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On Being Holier-than-Thou or Humbler-than-Thee: A Social-Psychological Perspective on Religiousness and Humility

Wade C. Rowatt, Alison Ottenbreit, K. Paul Nesselroade, Jr. and Paige A. Cunningham
Journal for the Scientific Study of Religion
Vol. 41, No. 2 (Jun., 2002), pp. 227-237
Stable URL: http://www.jstor.org/stable/1388005
Page Count: 11
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On Being Holier-than-Thou or Humbler-than-Thee: A Social-Psychological Perspective on Religiousness and Humility
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Abstract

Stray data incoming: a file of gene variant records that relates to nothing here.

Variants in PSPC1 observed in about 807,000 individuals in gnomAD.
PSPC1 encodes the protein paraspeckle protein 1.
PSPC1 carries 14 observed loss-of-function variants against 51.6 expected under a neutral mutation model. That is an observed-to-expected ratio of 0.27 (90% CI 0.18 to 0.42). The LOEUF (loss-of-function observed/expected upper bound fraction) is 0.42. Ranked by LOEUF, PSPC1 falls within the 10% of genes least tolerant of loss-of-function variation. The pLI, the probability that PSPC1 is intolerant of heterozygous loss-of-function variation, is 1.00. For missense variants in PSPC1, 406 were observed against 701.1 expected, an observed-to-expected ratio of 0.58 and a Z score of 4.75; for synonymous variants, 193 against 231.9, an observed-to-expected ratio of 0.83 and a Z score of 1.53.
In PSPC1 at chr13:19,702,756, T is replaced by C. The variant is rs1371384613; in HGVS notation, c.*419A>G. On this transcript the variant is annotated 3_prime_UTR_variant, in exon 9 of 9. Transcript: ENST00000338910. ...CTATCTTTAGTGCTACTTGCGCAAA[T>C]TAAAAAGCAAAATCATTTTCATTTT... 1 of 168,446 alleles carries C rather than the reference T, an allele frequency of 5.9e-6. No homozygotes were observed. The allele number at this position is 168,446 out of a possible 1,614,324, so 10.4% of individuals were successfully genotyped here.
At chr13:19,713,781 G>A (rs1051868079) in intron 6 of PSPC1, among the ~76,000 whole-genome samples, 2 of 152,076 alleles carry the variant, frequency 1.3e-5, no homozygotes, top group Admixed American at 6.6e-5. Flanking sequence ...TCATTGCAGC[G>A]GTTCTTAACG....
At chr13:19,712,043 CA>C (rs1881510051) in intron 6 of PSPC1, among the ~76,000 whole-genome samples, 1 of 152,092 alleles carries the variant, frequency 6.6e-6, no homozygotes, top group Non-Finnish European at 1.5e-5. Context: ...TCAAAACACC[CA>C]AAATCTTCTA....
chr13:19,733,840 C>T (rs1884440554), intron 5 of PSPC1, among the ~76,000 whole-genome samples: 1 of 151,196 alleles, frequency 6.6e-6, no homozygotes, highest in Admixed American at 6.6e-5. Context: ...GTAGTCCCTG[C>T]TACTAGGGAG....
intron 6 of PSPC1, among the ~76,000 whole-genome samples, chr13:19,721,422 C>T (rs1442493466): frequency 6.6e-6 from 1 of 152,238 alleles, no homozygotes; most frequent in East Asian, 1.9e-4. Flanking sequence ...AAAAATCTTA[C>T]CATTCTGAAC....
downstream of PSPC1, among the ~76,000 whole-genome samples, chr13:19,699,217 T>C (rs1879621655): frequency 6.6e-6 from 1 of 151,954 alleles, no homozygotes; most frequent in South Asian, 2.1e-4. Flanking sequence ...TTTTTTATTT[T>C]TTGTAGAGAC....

This research examined the association between religiousness and humility. Participants in Studies 1 and 2 completed measures of religiousness, socially desirable responding, and their own and other people's adherence to biblical commandments. Participants in Study 2 also rated how characteristic nonreligious positive and negative trait terms were of the self and others. Humility was operationalized as the magnitude of difference between individuals' evaluations of self and other. Overvaluing the self in relation to others or undervaluing others in relation to the self was considered evidence of less humility. Participants rated the self to be more adherent to biblical commandments than others (the holier-than-thou effect) and rated the self to be more positive and less negative than others (the self-other bias). In both studies, intrinsic religiousness was associated with an increase in the tendency to rate the self as more adherent to biblical commandments than others. Quest was associated with a slight decrease in the magnitude of the holier-than-thou effect. Religious motivations did not account for unique variation in the general self-other bias. Irrespective of motivations for being religious, however, highly religious people (i.e., upper thirds on general religiousness and religious fundamentalism) more so than less religious people (i.e., lower thirds on general religiousness and religious fundamentalism) rated the self to be better on nonreligious attributes than others.

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